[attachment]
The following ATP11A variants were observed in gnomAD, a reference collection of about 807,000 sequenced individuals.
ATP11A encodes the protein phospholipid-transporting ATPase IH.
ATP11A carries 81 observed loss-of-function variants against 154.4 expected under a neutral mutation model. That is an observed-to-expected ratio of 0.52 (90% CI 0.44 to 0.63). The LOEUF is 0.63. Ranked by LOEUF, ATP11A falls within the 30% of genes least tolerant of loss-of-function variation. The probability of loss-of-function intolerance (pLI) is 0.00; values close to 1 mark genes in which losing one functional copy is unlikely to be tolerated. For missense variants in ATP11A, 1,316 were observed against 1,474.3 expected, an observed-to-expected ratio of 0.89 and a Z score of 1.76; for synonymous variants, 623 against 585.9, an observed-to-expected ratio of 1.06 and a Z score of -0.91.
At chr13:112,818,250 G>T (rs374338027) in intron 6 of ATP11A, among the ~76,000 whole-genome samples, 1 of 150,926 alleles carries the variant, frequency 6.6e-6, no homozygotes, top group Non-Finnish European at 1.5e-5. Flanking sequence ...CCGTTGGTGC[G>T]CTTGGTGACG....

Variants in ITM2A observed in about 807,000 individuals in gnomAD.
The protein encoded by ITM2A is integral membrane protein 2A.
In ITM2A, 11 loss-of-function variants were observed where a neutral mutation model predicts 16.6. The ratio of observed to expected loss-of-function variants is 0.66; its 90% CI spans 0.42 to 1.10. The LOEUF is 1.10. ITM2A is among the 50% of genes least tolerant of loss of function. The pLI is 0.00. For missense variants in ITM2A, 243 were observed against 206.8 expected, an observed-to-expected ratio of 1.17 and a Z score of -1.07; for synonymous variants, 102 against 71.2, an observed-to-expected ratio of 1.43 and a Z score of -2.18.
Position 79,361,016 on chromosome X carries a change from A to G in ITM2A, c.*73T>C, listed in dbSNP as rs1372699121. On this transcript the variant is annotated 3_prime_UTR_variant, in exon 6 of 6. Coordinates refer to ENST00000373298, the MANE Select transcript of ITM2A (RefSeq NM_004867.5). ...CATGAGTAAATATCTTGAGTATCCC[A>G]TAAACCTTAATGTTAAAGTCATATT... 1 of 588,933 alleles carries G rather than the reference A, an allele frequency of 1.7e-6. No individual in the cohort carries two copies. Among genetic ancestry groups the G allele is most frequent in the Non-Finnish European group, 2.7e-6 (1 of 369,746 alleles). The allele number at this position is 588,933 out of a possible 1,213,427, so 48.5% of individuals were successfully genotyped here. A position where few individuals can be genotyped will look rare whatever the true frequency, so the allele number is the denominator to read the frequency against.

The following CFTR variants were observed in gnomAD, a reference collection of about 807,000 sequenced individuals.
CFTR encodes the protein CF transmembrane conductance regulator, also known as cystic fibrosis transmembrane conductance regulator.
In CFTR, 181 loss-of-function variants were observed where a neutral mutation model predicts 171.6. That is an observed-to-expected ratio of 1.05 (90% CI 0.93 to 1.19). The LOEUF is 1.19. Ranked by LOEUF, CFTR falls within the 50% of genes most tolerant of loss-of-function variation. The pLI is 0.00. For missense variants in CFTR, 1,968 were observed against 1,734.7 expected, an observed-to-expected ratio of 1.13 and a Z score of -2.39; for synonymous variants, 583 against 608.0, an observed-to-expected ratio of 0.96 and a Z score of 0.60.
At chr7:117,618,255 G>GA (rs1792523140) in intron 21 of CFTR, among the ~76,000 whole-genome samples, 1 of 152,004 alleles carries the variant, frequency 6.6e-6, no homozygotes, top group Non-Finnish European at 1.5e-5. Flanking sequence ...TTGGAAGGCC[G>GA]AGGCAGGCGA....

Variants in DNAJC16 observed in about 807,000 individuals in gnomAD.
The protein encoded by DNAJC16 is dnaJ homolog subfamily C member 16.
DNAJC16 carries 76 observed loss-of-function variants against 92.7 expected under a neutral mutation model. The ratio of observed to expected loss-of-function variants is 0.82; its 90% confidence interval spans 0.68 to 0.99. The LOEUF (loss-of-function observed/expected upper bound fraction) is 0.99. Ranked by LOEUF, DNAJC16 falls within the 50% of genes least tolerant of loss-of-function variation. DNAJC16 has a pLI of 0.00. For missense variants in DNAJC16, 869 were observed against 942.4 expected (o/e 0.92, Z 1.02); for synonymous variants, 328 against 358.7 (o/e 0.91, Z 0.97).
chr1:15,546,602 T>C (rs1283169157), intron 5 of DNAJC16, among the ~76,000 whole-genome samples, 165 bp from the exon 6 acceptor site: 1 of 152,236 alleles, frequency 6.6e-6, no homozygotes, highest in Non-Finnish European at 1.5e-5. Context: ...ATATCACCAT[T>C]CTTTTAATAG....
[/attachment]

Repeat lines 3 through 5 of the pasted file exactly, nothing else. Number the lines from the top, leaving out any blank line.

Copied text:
ATP11A carries 81 observed loss-of-function variants against 154.4 expected under a neutral mutation model. That is an observed-to-expected ratio of 0.52 (90% CI 0.44 to 0.63). The LOEUF is 0.63. Ranked by LOEUF, ATP11A falls within the 30% of genes least tolerant of loss-of-function variation. The probability of loss-of-function intolerance (pLI) is 0.00; values close to 1 mark genes in which losing one functional copy is unlikely to be tolerated. For missense variants in ATP11A, 1,316 were observed against 1,474.3 expected, an observed-to-expected ratio of 0.89 and a Z score of 1.76; for synonymous variants, 623 against 585.9, an observed-to-expected ratio of 1.06 and a Z score of -0.91.
At chr13:112,818,250 G>T (rs374338027) in intron 6 of ATP11A, among the ~76,000 whole-genome samples, 1 of 150,926 alleles carries the variant, frequency 6.6e-6, no homozygotes, top group Non-Finnish European at 1.5e-5. Flanking sequence ...CCGTTGGTGC[G>T]CTTGGTGACG....

Variants in ITM2A observed in about 807,000 individuals in gnomAD.